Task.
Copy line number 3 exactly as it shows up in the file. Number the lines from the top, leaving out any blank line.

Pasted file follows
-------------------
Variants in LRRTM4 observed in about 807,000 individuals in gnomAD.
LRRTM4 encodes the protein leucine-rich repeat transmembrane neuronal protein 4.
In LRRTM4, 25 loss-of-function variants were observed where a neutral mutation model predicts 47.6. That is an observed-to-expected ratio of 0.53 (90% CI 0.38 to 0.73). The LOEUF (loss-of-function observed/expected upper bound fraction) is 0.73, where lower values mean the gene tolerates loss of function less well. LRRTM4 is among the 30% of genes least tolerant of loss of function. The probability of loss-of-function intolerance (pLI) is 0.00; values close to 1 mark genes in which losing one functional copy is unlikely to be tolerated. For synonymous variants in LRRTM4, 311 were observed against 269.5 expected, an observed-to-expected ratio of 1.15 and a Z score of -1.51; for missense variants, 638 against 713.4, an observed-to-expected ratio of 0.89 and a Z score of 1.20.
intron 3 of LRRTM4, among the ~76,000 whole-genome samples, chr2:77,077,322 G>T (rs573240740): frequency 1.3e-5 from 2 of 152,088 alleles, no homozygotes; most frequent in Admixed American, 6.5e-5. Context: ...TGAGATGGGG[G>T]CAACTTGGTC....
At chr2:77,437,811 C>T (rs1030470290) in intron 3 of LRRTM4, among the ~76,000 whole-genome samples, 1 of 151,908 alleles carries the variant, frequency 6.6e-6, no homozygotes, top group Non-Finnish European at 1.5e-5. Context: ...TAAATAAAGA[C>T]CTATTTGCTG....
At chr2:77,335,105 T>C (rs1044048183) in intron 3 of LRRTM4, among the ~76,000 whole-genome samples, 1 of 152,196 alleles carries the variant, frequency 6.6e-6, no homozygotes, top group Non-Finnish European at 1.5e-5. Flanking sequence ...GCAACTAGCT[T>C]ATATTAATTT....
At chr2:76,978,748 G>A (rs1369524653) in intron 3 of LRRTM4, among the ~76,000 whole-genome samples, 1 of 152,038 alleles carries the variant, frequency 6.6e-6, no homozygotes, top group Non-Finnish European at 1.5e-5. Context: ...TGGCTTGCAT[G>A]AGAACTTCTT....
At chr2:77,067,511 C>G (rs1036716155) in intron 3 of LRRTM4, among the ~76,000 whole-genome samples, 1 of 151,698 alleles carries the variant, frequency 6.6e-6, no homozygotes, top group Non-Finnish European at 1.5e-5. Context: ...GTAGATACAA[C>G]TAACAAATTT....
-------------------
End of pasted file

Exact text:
In LRRTM4, 25 loss-of-function variants were observed where a neutral mutation model predicts 47.6. That is an observed-to-expected ratio of 0.53 (90% CI 0.38 to 0.73). The LOEUF (loss-of-function observed/expected upper bound fraction) is 0.73, where lower values mean the gene tolerates loss of function less well. LRRTM4 is among the 30% of genes least tolerant of loss of function. The probability of loss-of-function intolerance (pLI) is 0.00; values close to 1 mark genes in which losing one functional copy is unlikely to be tolerated. For synonymous variants in LRRTM4, 311 were observed against 269.5 expected, an observed-to-expected ratio of 1.15 and a Z score of -1.51; for missense variants, 638 against 713.4, an observed-to-expected ratio of 0.89 and a Z score of 1.20.